# What is the Fourier transform of $f(t)=1$ or simply a constant?

Wolfram alpha gives the answer to be

$$F(\omega)=\sqrt{2\pi}\delta(\omega)$$

Does that mean that the function is valued $\sqrt{2\pi}$ at all points in the frequency domain? I think this is reasonable because such function i.e. $f(t)=1$ in the time domain would be sum of all the harmonics of a sinusoid and hence would contain all the frequencies. Maybe no, the function isn't varying at all and hence the frequency is $0$. But then the Fourier transform should have been $\delta(0)$ instead of $\delta(\omega)$.

Someone please shed some light on this!

• "Does that mean that the function is valued 2π−−√2π at all points in the frequency domain?" No, completely different. May 6, 2017 at 19:26
• Okay then what is the right answer? May 6, 2017 at 19:27
• If you think that dirac or delta function is discrete, an imaginary situation, then it will have a value on 0 and it will be zero for the other points. In fact, the continuous form of the delta function has no definite value at zero. I think you may want to have a look on delta function definition. May 6, 2017 at 19:29
• There is something mentioned as "Dirac Comb" which represents the way I think DiracDelta(w) should be represented. The only difference is that it is defined at discrete points. Now this has made me even more confused ;___; May 6, 2017 at 19:50
• Here's another way of putting it. The Dirac delta distribution $\delta(x)$ has a spike whenever $x = 0$. That means that $\delta(\omega)$ has a spike only at the single point $\omega = 0$. On the other hand, $\delta(0)$ (if there were such a thing) would have a spike whenever $0 = 0$; it would have a spike everywhere! We want it to spike only at $\omega = 0$, so we use $\delta(\omega)$ instead of $\delta(0)$. May 6, 2017 at 21:41

I think the clearest way to see this is by noting that we have (depending on your convention for the placement of $$2 \pi$$ in Fourier transforms) that $$\mathcal{F}(\mathcal{F}(f(x))) = 2 \pi f(-x)$$ Taking the convention that $$\tilde{f}(k) = \int_{-\infty}^\infty e^{-ikx} f(x) \; dx$$ so $$f(x) = \frac{1}{2\pi} \int_{-\infty}^\infty e^{ikx} \tilde{f}(k) \; dk$$ We get $$f(-x) = \frac{1}{2\pi} \int_{-\infty}^\infty e^{-ikx} \tilde{f}(k) \; dk = \frac{1}{2\pi} \mathcal{F(\tilde{f}(k))} = \frac{1}{2\pi}\mathcal{F}(\mathcal{F}(f(x)))$$ Note we have $$\mathcal{F}(\delta(x)) = \int_{-\infty}^\infty e^{-ikx} \delta(x) \; dx = 1$$ So then $$\mathcal{F}(1) = \mathcal{F}(\mathcal{F}(\delta(x))) = 2 \pi \delta(-x) = 2 \pi \delta(x)$$ For other constants, by linearity, we have $$\mathcal{F}(c) = c \mathcal{F}(1) = 2 \pi c \delta(x)$$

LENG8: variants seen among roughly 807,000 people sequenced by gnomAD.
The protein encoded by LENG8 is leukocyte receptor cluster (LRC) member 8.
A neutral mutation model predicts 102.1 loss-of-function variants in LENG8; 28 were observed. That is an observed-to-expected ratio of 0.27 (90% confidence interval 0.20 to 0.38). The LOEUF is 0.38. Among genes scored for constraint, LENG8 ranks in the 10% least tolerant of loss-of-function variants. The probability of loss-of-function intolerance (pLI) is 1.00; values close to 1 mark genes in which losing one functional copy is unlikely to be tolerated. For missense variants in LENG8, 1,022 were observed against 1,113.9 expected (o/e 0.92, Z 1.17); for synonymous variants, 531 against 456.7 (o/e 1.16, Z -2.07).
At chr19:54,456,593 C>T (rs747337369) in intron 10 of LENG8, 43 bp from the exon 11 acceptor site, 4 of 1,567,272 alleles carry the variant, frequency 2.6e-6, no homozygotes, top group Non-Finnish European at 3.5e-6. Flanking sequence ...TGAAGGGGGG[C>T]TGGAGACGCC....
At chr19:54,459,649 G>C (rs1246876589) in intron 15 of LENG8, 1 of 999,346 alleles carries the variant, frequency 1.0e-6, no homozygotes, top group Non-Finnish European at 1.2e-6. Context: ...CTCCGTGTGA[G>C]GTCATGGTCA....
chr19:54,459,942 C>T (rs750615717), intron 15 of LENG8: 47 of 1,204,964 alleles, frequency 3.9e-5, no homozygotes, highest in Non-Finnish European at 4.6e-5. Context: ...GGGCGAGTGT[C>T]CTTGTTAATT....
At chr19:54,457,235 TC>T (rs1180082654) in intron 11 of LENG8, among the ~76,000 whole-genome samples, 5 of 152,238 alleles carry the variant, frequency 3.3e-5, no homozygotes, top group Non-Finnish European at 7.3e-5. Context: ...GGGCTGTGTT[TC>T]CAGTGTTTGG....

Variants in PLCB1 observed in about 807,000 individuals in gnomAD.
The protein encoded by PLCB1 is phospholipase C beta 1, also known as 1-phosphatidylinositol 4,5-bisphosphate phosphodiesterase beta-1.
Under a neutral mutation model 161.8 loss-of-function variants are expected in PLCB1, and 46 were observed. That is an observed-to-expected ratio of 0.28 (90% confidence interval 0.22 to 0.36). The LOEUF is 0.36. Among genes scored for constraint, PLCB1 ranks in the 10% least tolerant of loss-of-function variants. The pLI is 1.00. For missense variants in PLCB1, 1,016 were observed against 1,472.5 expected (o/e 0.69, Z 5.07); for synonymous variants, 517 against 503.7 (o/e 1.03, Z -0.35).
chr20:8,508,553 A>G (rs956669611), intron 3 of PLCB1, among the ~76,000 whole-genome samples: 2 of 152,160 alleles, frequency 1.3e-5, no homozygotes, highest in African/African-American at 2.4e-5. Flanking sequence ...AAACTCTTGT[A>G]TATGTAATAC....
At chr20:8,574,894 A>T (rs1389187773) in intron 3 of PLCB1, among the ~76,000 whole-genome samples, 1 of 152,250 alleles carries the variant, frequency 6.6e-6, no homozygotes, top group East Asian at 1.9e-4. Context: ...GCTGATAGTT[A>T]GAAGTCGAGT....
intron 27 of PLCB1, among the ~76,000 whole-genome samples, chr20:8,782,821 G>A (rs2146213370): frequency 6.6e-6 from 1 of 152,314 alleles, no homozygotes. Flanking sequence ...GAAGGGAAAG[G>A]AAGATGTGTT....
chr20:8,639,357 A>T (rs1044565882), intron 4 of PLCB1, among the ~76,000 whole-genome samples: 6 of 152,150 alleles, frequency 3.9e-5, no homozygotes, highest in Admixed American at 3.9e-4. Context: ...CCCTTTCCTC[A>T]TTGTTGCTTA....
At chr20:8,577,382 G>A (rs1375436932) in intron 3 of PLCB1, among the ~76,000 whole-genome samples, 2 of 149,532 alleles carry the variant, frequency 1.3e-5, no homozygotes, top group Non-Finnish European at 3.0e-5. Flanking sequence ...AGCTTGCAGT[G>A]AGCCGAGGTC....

You can derive the answer very easily with the general formula for the fourier series of a complex exponential:

$$\mathcal F(e^{jw_0 t}) = 2\pi \delta(w-w_0)$$

This identity is very intuitive: Since a complex exponential only has one frequency ($$w_0$$), its fourier transform only has one pulse at that frequency[1].

Set $$w_0 = 0$$ and you get:

$$\mathcal F(e^{0}) = \mathcal F(1) = 2\pi \delta(w-0) = 2\pi \delta(w)$$

I know that this has been answered, but it's worth noting that the confusion between factors of $$2\pi$$ and $$\sqrt{2\pi}$$ is likely to do with how you define the Fourier transform in the first place.

Wolfram Alpha seems to be taking the definition that involves placing a factor of $$1/\sqrt{2\pi}$$ on both the transform and the inverse transform (as is sometimes done in physics), rather than placing the factor $$1/2\pi$$ entirely on the inverse transform.

If you take the former approach, I believe you end up with the desired result, $$\mathcal{F}(1)=\sqrt{2\pi}\delta(k)$$, since (compare LtSten's answer) then $$\hat{f}(k)$$ will originally contain a factor of $$1/\sqrt{2\pi}$$ (i.e. $$\mathcal{F}(\delta(x))=1/\sqrt{2\pi}$$), meaning that $$\mathcal{F}(1)=\sqrt{2\pi}\delta(x)$$ is consistent with $$\mathcal{F}(\mathcal{F}(f(-x)))=2\pi f(x)$$.

Just use the definition. $F(w) = \int_{-\infty}^\infty e^{-iwt}dt =\delta(w)$ by how the dirac delta is defined. This is normalized to 1at zero and 0 otherwise.

• I don't think anyone defines $\delta(\omega)$ as the limit in the sense of (tempered) distributions $\lim_{T \to \infty}\frac1{2\pi} \int_{-T}^T e^{-i\omega t}dt=\lim_{T \to \infty} \frac{\sin(\omega T)}{\pi \omega }$, which is a theorem equivalent to the Fourier inversion theorem for tempered distributions. Aug 11, 2019 at 14:06
• Nov 15, 2020 at 17:43
• Yes, all of this can be made very rigorous using distribution theory. But most people who use the FT in the "real world" (whatever that actually is) don't bother with that much rigor. Statics has a good answer on the linked question which explains the reasoning behind this definition in a simple way.
– JMJ
Nov 16, 2020 at 18:33
• This is a math forum ... people come here to understand what is the good rigorous explanation Nov 3 at 23:58
• Not necessarily. Many people come just wanting the answer to or a way to think about a math problem they don't understand, and a rigorous answer by current standards might just make things more obscure. Many of the most useful results in mathematics were not discovered or first presented in a "rigorous" way. In the current case, an actually rigorous answer would require the first few chapters of a distribution theory book, which is probably not what the asker was looking for.
– JMJ
Nov 4 at 0:44